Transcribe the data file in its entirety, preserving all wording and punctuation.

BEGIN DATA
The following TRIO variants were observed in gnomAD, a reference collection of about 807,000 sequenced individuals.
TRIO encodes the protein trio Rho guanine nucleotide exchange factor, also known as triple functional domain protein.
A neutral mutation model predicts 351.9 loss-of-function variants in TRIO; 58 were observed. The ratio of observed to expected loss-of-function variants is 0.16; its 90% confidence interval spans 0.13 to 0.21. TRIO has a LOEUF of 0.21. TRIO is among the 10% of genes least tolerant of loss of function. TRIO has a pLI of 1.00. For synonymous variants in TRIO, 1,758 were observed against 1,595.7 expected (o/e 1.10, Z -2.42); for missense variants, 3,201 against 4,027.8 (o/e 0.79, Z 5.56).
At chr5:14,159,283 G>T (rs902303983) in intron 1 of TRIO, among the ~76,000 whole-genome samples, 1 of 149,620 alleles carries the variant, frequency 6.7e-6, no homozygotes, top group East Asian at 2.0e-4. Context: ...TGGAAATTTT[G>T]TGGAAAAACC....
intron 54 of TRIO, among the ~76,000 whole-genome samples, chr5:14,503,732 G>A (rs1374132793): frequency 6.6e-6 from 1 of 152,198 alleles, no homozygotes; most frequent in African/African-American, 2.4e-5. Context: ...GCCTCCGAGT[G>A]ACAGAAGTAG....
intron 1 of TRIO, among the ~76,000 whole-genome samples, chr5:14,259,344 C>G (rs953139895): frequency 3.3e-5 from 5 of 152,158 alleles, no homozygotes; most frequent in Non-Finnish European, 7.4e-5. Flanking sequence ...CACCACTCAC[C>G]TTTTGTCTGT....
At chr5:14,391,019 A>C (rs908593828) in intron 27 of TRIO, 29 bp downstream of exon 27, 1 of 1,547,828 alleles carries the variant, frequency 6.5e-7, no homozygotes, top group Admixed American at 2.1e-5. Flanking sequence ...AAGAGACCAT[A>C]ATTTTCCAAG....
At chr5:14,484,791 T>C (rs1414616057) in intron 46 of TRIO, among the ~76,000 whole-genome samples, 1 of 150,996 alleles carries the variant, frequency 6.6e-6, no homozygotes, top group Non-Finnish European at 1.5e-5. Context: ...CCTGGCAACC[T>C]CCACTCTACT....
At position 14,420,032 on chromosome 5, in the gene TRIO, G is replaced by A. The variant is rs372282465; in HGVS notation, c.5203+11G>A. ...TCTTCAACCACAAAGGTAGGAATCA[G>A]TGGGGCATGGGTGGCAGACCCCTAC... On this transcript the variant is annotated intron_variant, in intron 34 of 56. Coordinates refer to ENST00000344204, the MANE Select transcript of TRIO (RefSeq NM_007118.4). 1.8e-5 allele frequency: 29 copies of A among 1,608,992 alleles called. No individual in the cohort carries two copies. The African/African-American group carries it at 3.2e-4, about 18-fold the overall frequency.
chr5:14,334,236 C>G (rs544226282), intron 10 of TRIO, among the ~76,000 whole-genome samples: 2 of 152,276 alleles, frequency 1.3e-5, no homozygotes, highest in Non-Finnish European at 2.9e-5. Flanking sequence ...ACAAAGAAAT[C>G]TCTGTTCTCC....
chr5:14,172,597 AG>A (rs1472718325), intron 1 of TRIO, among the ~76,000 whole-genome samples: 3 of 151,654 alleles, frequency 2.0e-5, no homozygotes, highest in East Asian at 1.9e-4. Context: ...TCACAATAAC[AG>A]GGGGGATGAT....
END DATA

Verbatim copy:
The following TRIO variants were observed in gnomAD, a reference collection of about 807,000 sequenced individuals.
TRIO encodes the protein trio Rho guanine nucleotide exchange factor, also known as triple functional domain protein.
A neutral mutation model predicts 351.9 loss-of-function variants in TRIO; 58 were observed. The ratio of observed to expected loss-of-function variants is 0.16; its 90% confidence interval spans 0.13 to 0.21. TRIO has a LOEUF of 0.21. TRIO is among the 10% of genes least tolerant of loss of function. TRIO has a pLI of 1.00. For synonymous variants in TRIO, 1,758 were observed against 1,595.7 expected (o/e 1.10, Z -2.42); for missense variants, 3,201 against 4,027.8 (o/e 0.79, Z 5.56).
At chr5:14,159,283 G>T (rs902303983) in intron 1 of TRIO, among the ~76,000 whole-genome samples, 1 of 149,620 alleles carries the variant, frequency 6.7e-6, no homozygotes, top group East Asian at 2.0e-4. Context: ...TGGAAATTTT[G>T]TGGAAAAACC....
intron 54 of TRIO, among the ~76,000 whole-genome samples, chr5:14,503,732 G>A (rs1374132793): frequency 6.6e-6 from 1 of 152,198 alleles, no homozygotes; most frequent in African/African-American, 2.4e-5. Context: ...GCCTCCGAGT[G>A]ACAGAAGTAG....
intron 1 of TRIO, among the ~76,000 whole-genome samples, chr5:14,259,344 C>G (rs953139895): frequency 3.3e-5 from 5 of 152,158 alleles, no homozygotes; most frequent in Non-Finnish European, 7.4e-5. Flanking sequence ...CACCACTCAC[C>G]TTTTGTCTGT....
At chr5:14,391,019 A>C (rs908593828) in intron 27 of TRIO, 29 bp downstream of exon 27, 1 of 1,547,828 alleles carries the variant, frequency 6.5e-7, no homozygotes, top group Admixed American at 2.1e-5. Flanking sequence ...AAGAGACCAT[A>C]ATTTTCCAAG....
At chr5:14,484,791 T>C (rs1414616057) in intron 46 of TRIO, among the ~76,000 whole-genome samples, 1 of 150,996 alleles carries the variant, frequency 6.6e-6, no homozygotes, top group Non-Finnish European at 1.5e-5. Context: ...CCTGGCAACC[T>C]CCACTCTACT....
At position 14,420,032 on chromosome 5, in the gene TRIO, G is replaced by A. The variant is rs372282465; in HGVS notation, c.5203+11G>A. ...TCTTCAACCACAAAGGTAGGAATCA[G>A]TGGGGCATGGGTGGCAGACCCCTAC... On this transcript the variant is annotated intron_variant, in intron 34 of 56. Coordinates refer to ENST00000344204, the MANE Select transcript of TRIO (RefSeq NM_007118.4). 1.8e-5 allele frequency: 29 copies of A among 1,608,992 alleles called. No individual in the cohort carries two copies. The African/African-American group carries it at 3.2e-4, about 18-fold the overall frequency.
chr5:14,334,236 C>G (rs544226282), intron 10 of TRIO, among the ~76,000 whole-genome samples: 2 of 152,276 alleles, frequency 1.3e-5, no homozygotes, highest in Non-Finnish European at 2.9e-5. Flanking sequence ...ACAAAGAAAT[C>G]TCTGTTCTCC....
chr5:14,172,597 AG>A (rs1472718325), intron 1 of TRIO, among the ~76,000 whole-genome samples: 3 of 151,654 alleles, frequency 2.0e-5, no homozygotes, highest in East Asian at 1.9e-4. Context: ...TCACAATAAC[AG>A]GGGGGATGAT....